I have been reading a very good book this spring, called Bipolar, Not So Much written by two practicing psychiatrists, Chris Aiken, MD and James Phelps, MD. Published in 2016, I found it to be very readable, interesting, current and best of all, hopeful for individuals with a depressive mood disorder and the friends and family who love them.
Mood disorders are now seen to form a spectrum of problems, from depression on one hand to full bipolar disorder on the other. Dr Aiken and Phelps write that between the two are multitudes of people who are in the middle of the mood spectrum, and this book is for them.
There is much to value and recommend here. This is not just another book on bipolar illnesses. While the authors write of the basics of depressive mood disorders, they also help readers learn where they fit on the mood spectrum. There are treatment recommendations and they include discussions of medication as well as recommendations on diet, exercise, and a guide to non-medication treatments that anyone can use on their own. Information is included on a number of innovative technologies that can aid in recovery including dawn simulators, mood apps and blue light filters. The authors willingness, indeed, eagerness to present these new technologies and their recommendations, illustrate some of the value and benefit I found in the book; good advice backed by citations referenced for our use. Plus, most references were very current, including 2016 studies.
My favorite portion of the book is the section Reclaiming Your Life: Relationships. Work and school. Friends and family. Their advice on communicating with someone who has a mental disorder is right on, from my perspective as a person with a mood disorder. And as a person who deeply values her friendships and her relationships with friends and a family with mood spectrum illnesses.
Their advice is direct and candid and worth hearing. I am writing this day to share a selection of the good advice with you.
INTERACTIONS TO INCREASE: (The writers note that each of the interactions below has a positive effect on the brain, and sprinkling them throughout the day can speed recovery.)
One: Convey emotional warmth, which you do by having a gentle smile, compassionate eyes and an accepting posture. When you do so you are giving the message that you are genuinely interested and pleased to see them. Dr Aiken and Dr Phelps point out that the voice is soothing, movements are relaxed and gentle, without pressure. This body language telegraphs that you accept things as they are. They write “in its most profound form, warmth is the gleam in a mother’s eye that conveys unconditional love.”
When someone shows me warmth, I feel welcomed, accepted, safe, and yes, more willing to converse.
I’d like to add, pair warmth by saying to people “Nice to see you.” This phrase is much more inviting than: “How are you?” The traditional question we ask – how are you – can put people on their guard wondering just how much you want to know, if anything. Try the greeting “Nice to see you.” I think you’ll get warm response.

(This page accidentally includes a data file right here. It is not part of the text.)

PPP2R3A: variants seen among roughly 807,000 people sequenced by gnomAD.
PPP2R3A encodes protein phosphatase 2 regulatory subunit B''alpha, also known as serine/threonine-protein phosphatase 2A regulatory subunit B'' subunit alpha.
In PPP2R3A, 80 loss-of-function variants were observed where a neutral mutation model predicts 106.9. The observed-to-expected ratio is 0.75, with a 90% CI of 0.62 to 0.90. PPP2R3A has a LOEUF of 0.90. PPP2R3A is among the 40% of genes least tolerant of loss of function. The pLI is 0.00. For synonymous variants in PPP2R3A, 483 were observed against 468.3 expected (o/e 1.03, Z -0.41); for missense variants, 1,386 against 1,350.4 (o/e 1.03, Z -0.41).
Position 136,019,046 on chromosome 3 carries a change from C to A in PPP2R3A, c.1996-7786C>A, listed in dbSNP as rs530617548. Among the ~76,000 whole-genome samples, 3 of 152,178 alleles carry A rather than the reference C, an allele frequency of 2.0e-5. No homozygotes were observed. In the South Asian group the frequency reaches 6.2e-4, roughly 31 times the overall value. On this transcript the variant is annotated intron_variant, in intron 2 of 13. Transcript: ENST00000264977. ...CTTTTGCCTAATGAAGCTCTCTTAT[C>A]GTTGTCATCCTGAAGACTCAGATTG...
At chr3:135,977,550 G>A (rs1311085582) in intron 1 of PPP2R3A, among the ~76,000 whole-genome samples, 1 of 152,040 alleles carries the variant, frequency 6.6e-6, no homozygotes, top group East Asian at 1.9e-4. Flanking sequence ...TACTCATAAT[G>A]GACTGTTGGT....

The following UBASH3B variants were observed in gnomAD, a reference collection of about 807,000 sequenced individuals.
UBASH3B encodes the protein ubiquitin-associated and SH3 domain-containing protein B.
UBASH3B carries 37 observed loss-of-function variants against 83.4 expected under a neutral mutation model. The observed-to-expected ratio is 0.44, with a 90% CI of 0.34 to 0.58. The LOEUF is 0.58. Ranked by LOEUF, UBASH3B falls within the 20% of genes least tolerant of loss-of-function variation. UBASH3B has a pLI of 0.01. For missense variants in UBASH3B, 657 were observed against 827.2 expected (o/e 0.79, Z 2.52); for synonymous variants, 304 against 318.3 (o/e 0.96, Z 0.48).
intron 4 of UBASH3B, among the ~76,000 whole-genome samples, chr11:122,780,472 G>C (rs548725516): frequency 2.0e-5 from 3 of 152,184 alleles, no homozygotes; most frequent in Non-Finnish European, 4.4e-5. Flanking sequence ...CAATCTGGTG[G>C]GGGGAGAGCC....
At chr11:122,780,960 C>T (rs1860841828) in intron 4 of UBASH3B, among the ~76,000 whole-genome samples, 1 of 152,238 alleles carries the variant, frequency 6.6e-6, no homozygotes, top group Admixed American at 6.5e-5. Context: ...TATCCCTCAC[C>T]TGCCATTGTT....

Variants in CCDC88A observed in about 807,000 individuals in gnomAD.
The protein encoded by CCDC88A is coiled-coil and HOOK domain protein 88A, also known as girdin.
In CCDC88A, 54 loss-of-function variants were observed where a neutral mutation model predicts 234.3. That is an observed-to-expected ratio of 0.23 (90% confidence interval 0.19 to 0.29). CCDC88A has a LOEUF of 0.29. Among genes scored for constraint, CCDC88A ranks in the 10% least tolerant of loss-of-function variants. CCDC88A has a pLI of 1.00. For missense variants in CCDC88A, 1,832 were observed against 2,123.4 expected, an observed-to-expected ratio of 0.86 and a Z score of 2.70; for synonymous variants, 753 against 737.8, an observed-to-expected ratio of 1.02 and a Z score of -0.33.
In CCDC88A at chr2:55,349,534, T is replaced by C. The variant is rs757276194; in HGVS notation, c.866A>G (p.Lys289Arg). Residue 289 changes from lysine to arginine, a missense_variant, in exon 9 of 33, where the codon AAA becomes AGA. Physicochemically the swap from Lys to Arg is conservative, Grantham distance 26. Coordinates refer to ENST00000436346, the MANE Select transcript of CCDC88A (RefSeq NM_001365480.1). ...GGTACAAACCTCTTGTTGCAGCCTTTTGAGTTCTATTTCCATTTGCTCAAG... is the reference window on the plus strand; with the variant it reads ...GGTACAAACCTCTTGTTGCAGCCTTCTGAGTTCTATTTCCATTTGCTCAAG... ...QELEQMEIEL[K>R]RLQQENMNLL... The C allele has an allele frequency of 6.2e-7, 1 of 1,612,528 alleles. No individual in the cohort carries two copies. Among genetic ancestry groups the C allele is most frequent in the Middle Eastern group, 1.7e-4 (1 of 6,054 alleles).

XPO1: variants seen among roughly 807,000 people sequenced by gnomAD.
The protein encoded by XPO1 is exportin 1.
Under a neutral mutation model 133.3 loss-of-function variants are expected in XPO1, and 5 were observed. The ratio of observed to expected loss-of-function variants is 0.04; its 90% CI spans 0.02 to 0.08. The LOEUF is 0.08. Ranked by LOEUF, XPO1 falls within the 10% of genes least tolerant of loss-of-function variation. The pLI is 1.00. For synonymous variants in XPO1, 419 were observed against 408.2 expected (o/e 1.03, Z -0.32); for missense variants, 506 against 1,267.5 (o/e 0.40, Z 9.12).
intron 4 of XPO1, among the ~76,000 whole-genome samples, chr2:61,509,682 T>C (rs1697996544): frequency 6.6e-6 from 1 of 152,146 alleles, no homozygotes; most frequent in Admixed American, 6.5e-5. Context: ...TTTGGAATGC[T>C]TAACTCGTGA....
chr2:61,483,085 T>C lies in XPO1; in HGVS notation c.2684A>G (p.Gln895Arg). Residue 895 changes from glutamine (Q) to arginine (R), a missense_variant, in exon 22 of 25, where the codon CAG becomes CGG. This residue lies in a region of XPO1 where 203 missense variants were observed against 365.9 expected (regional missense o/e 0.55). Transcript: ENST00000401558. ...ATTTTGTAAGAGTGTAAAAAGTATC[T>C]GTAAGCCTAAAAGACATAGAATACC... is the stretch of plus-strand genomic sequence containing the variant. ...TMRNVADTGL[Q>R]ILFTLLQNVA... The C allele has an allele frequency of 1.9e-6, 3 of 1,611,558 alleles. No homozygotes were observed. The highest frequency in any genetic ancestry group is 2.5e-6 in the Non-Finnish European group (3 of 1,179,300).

Two: Be empathic. Accept people without judgment. When we use empathy, our speech shows that we wish to understand and appreciate them rather than change them. Doctors Aiken and Phelps, MD, say “Empathy doesn’t mean you feel the same way they do, just that you understand them or at least seek understanding”. Furthermore, they advise: “Empathy goes hand in hand with emotional warmth, and both have a healing effect on mood, in part by reducing the isolation that mood episodes bring.” Try responses that communicate your empathy, like “I see your point,””I get it” as well more specific ones like: “It must be hard to go through the motions each day when you’re depressed.” Or, “Though I’ve never been through the kind of depression you’re having, I can tell it is a terrible place to be and you certainly don’t deserve it.”
Three: Positive comments also help family and friends recover from depression. Make the comments accurate and specific, such as “I appreciate how you put the kids to bed last night.”
Doctors Aiken and Phelps reminds us, “WHAT YOU SHINE A LIGHT ON IS WHAT WILL GROW.” They suggest that you retire from being a problem-solver, fixer and psychiatric detective. Instead make it your job to search for anything about your loved one that is not consistent with a mood disorder. The good doctors continue, “ Shift your attention away from the illness. If they oversleep, ignore that. Focus instead on the fact they he/she got out of bed—many depressed people never take that step.”
Four: Optimism about the illness is something friends and family need to communicate. Depression robs people of hope and causes them to blame themselves for the disorder. If you live with someone who has depression, Drs. Aikens and Phelps warn that you not let yourself fall into that same trap.”
They write with urgency, “Always remember that the manic and depressive behaviors are what they have, not who they are ……. Instead of sleuthing for pathology, your efforts will be better spent recalling how your loved one was before the episode, and relaying the optimism that they’ll be that way again.”
I am in complete agreement with their advice here. But I urge that your optimistic responses not be “all this will soon be just a bad memory.” Rather convey your unshakable belief in who they are, and relay the optimism you feel that they will recover that self once again.
We’ve just reviewed some of Drs Aiken and Phelps advice under their banner “What to Increase.” They have much more of this good, down–to-earth advice. A next section highlights: “What to Decrease, five things that harm: Critical comments. Scrutinizing mood. Trying to win or resolve arguments. Overinvolvement. Hostility. I will present their observations and recommendations on “What to Decrease” in my next posting.